He’s All That’s Right was another bouncy pop song, competently played and sung. Like several of the songs on the album, though, it suffers from lyrics that present the Christian life as just a little too perfect and carefree. 


Some fairly muscular rock and roll closed out Side One in the form of a Chris Christian-penned song titled One Way. Of course, Larry Norman is generally given credit for popularizing the “one way” sign, and also wrote and recorded a song by that title. And this would not be the first time Chris Christian followed Larry’s lead – you might remember a song on Chris’s debut solo album titled Why Does the Devil (Have All the Good Music) which was not only a country-rock sendup of Norman’s song Why Should the Devil (Have All the Good Music), but also mentioned Larry by name in the lyrics! But I digress.

Norman’s One Way was a ballad played primarily on piano. Peek’s One Way had crunchy electric guitars and was the only tune on this pop album that came close to rocking. I couldn’t help thinking of the “Coexist” bumper sticker so popular with American liberals as I listened again to Dan Peek sing, “There’s just one way to Heaven, one way to paradise…” There certainly is. And that’s a message that can’t be sung, written or stated too often.

I’m not a big fan of the song that kicks off Side Two. It’s one of those “God as my girlfriend” songs that Chris Christian was famous for in the late 70s. That is, a song that appears to be a romantic love song…but could also be taken as a song to or about the Lord. Early albums by Amy Grant were littered with these types of songs, as were Christian’s own albums and B.J. Thomas’ early CCM records. In fact, this tune, Ready for Love, would’ve totally been at home on Thomas’ Home Where I Belong or Happy Man. For me, lines like these are just way too ambiguous:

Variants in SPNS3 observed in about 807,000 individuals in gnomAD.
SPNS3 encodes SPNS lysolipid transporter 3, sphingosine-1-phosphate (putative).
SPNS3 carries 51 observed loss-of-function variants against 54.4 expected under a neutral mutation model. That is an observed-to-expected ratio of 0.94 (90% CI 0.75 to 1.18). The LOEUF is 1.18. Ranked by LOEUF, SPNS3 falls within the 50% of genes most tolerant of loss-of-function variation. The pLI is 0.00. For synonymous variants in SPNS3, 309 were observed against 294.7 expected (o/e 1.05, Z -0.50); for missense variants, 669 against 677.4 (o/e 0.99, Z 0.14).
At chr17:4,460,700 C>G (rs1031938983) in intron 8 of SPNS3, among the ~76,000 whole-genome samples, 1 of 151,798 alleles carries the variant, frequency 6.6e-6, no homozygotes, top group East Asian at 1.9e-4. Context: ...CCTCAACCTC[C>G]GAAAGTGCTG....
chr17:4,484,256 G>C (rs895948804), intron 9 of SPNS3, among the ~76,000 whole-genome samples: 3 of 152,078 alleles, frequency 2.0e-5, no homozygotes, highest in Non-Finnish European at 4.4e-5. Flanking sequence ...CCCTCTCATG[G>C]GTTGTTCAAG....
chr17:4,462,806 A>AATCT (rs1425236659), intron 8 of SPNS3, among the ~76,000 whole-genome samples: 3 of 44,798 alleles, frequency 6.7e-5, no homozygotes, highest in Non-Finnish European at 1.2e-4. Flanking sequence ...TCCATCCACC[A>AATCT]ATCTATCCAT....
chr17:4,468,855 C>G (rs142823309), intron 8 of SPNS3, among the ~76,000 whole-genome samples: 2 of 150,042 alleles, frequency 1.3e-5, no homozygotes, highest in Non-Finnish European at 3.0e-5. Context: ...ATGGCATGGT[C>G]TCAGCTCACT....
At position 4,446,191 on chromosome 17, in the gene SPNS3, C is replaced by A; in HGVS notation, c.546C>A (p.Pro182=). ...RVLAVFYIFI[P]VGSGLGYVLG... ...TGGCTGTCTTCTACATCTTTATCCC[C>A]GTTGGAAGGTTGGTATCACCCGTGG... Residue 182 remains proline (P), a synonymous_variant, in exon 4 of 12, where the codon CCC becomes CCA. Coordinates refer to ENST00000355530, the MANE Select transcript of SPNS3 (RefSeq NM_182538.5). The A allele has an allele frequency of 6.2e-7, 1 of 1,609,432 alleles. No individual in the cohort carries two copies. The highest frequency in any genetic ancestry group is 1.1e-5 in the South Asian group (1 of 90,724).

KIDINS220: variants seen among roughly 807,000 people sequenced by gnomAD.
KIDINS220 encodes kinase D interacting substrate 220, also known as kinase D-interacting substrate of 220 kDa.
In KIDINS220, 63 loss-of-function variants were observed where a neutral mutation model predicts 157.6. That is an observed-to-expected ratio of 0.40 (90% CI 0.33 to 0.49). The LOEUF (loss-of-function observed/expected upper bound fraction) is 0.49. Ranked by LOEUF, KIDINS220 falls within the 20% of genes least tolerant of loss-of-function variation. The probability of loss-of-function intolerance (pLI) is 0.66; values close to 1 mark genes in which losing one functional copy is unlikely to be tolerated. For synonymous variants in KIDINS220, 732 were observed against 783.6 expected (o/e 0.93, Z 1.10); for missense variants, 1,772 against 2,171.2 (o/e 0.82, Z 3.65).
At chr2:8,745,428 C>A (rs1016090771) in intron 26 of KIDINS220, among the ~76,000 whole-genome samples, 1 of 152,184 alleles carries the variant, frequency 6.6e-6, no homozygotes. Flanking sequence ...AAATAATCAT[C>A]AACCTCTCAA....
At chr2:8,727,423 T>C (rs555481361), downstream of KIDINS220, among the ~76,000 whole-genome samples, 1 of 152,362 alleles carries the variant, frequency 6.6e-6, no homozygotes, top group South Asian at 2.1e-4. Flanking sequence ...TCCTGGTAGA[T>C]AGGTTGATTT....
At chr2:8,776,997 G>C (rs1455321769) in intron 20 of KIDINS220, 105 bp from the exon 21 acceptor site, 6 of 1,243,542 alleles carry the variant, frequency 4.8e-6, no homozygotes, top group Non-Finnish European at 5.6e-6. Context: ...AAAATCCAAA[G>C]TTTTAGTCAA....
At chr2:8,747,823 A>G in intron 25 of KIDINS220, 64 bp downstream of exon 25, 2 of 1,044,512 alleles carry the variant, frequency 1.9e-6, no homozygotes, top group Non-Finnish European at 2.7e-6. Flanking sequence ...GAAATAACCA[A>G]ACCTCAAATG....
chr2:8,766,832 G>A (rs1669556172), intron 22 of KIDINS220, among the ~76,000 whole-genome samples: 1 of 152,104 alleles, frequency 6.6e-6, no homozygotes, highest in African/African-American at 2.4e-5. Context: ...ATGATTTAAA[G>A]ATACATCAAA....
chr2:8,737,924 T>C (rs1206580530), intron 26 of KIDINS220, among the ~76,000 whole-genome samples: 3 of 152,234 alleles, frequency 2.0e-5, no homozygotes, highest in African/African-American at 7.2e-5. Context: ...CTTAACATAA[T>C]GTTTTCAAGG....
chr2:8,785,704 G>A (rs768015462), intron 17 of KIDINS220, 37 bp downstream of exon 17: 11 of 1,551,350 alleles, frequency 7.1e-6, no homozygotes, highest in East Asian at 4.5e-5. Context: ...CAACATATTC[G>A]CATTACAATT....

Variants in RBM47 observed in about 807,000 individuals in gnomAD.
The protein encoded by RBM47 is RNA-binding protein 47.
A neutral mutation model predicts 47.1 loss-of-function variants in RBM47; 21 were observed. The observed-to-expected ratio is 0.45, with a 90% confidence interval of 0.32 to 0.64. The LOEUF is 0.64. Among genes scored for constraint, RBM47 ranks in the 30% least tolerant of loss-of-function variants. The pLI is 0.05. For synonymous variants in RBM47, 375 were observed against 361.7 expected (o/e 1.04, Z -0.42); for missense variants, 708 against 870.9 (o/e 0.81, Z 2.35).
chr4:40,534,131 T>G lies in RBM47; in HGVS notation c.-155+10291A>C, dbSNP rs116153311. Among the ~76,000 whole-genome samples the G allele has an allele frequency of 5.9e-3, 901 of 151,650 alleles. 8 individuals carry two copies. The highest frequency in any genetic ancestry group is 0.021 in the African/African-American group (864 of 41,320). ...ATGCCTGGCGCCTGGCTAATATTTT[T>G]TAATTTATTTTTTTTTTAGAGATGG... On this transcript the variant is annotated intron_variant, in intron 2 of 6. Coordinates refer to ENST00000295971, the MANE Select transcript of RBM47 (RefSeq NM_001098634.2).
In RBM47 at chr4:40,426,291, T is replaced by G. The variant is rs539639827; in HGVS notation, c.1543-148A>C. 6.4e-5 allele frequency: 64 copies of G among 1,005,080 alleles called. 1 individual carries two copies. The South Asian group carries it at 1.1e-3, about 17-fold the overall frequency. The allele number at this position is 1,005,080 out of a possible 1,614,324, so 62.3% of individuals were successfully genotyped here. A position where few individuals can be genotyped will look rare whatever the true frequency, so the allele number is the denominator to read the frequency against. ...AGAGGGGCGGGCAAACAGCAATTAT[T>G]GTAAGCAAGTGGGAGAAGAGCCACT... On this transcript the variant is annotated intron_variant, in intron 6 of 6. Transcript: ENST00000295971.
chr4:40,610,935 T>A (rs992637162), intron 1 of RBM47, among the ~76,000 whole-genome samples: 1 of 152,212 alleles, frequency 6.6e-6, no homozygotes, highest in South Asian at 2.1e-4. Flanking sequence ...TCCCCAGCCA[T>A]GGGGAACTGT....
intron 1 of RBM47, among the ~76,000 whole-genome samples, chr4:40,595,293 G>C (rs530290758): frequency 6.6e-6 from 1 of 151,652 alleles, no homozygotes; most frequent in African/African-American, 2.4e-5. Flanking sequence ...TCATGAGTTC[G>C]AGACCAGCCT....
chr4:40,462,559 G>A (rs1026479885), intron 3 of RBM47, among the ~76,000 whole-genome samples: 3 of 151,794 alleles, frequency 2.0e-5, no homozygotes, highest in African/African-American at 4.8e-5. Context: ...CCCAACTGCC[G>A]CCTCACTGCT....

I'd been wasting love without a care
It never seemed to matter
'Cause somehow I knew you'd always be there

But I found you in time
While inside I was dying
Now I'm living like never before

And now I'm ready for love
I never was before
You were always there
But I just found the door
I'm ready for love
I'm ready for all your loving

“Ready for all your loving?” Really?


Ready For Love employed a trio of female backup singers -- Donna Sheridan, Jackie Cusic, and Janie Frickie – all of whom went on to enjoy successful careers in both Christian and country music. The song reached #7 on the Canadian Adult Contemporary chart.

Lighthouse is another two-way tune; it can be interpreted as a plea for God to shine His light and provide divine direction…or it can be interpreted as a young man asking his girlfriend to guide him “to that safe harbor in your arms.” We report, you decide. A nice steel guitar (played by Sonny Garrish) gives this one a decidedly country flavor.

The aforementioned Forgive Me, Forgive You mines deeper territory lyrically, challenging the listener to let go of "deception, hatred and grief" by learning to "forgive and forget." Production wise, it's standard Chris Christian CCM MOR.

The tempo picks up and the mood lightens on Hometown. The banjo and harmonica-drenched country rock song employs some humor and sounds like something that America could've done once upon a time.

We went to the drive-in, it wasn't so good
So we changed the letters around
When folks saw what the new title said
They liked to run us out of town